Wantrepreneurs are individuals who have the desire to be an entrepreneur, but have not yet attained that status. Sometimes referred to as "wannabe entrepreneurs," this type of businessperson may have some excellent ideas for startup businesses, but as yet is unable or unwilling to engage in the tasks necessary to allow the idea to translate into a viable and functioning business. In many cases, someone claiming to be an entrepreneur is in fact a wantrepreneur.
It is important to note that a wantrepreneur is not necessarily someone who lacks the drive and commitment needed to start a business. Often, there is the willingness but a lack of available resources, either in terms of cash flow or access to technological information or equipment that is required to launch the venture. In order to acquire what is needed to move forward, a true wantrepreneur will often become acquainted with one or more entrepreneurs and seek to make connections with benefactors who are in a position to help launch the new business venture.
In some quarters, the designation of a wantrepreneur is associated with people who are looking for quick and easy money with as little effort as possible. This particular image often is of someone who is more interested in attaching themselves to someone who is already successful and cashing in on that relationship.
However, this is not the reality with most people who want to eventually become a successful entrepreneur. Instead of seeing business connections as ongoing sources of unearned revenue, the true wantrepreneur will seek to learn from those who are already successful and attempt to apply that newly acquired bank of knowledge to the task of starting his or her own business. While the wantrepreneur may look to others for guidance and possibly financial support in the early stages of the effort, the ultimate goal is to establish a profitable business that is capable of standing on its own merits.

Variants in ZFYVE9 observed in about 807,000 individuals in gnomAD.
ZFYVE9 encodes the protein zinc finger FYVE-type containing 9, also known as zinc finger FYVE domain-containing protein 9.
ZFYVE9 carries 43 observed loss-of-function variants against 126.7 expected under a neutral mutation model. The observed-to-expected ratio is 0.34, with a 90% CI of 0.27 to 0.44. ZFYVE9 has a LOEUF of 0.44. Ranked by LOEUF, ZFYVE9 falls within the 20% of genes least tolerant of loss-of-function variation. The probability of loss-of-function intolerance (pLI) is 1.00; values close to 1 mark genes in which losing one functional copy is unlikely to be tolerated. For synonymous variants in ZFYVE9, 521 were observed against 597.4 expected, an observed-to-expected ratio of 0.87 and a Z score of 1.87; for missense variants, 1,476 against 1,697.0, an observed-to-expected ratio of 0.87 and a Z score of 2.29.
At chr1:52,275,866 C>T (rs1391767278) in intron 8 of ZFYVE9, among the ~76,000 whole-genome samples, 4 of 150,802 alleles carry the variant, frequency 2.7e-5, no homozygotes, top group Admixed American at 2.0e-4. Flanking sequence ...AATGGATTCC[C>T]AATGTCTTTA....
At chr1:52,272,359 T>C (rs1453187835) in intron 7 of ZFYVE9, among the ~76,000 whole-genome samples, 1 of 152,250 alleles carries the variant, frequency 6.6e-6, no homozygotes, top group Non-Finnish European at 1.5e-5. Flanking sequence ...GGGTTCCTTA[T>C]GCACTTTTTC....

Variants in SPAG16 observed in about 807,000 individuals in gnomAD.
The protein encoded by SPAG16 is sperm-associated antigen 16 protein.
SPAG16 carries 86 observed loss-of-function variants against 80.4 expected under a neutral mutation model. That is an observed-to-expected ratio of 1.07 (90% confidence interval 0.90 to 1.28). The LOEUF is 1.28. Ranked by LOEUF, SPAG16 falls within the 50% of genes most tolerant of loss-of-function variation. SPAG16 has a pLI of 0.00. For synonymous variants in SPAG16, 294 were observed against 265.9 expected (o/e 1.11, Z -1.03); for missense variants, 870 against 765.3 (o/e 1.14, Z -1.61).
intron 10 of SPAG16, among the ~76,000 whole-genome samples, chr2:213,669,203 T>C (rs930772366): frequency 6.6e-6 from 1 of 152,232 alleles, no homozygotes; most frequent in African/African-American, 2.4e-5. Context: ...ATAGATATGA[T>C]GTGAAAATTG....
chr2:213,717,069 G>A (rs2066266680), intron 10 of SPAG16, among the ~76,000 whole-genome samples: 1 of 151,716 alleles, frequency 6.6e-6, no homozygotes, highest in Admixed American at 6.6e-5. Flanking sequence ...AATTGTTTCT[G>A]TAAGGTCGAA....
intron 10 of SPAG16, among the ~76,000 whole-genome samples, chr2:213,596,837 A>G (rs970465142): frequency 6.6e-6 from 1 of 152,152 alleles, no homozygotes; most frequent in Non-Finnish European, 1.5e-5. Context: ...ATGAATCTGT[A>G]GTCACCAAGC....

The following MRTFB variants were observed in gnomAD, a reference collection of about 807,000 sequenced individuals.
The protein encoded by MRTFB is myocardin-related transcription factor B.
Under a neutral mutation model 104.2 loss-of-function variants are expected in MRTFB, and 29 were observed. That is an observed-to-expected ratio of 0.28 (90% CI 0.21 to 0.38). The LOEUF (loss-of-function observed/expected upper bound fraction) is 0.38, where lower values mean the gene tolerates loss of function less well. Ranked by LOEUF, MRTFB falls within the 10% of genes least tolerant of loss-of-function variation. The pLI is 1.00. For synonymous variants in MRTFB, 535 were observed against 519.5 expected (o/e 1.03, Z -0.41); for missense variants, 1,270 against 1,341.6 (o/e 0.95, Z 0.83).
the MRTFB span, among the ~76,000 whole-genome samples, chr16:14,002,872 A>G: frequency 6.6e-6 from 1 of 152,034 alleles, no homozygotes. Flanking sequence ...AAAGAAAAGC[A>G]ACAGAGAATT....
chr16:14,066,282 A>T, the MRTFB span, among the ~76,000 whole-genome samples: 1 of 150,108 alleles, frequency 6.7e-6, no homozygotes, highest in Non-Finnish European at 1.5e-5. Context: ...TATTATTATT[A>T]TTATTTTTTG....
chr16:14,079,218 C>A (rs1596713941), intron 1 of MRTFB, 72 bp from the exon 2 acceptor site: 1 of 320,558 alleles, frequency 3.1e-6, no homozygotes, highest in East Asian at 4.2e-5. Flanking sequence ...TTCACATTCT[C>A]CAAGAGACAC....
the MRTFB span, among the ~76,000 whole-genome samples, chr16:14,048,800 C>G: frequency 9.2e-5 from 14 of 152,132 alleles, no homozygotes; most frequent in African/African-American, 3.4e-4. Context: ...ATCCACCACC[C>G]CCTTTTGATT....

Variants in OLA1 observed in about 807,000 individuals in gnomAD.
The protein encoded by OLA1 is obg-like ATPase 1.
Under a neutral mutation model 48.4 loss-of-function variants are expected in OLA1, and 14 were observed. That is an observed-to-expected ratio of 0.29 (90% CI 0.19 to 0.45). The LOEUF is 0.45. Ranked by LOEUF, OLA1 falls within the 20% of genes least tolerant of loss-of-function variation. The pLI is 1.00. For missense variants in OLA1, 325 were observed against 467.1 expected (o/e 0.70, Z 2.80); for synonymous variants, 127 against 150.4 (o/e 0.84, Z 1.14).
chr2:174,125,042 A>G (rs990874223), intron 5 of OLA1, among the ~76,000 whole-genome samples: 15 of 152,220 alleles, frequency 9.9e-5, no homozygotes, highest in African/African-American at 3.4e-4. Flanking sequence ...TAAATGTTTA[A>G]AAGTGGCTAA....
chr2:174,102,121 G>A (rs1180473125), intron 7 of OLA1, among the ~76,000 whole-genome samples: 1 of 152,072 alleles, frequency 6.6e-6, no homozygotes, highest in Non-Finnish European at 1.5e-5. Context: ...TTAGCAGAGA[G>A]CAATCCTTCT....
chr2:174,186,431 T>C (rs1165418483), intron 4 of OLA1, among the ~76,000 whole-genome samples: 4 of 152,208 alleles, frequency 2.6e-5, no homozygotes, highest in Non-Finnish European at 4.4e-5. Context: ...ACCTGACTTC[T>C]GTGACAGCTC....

Graduating from the designation of wantrepreneur to a full-fledged entrepreneur is something that every future entrepreneur hopes to accomplish. Normally, the transition is characterized by three important events. First, the business is fully established and begins to function on an ongoing basis. Next, the business begins to generate revenue and at least partially cover the operating costs. Last, the business begins to realize a net profit and no longer requires financial support from mentors to keep going. As the venture finally comes into its own and repays any in investment made by mentors during the formative stages, the owner of the business can truly claim to no longer be a wantrepreneur.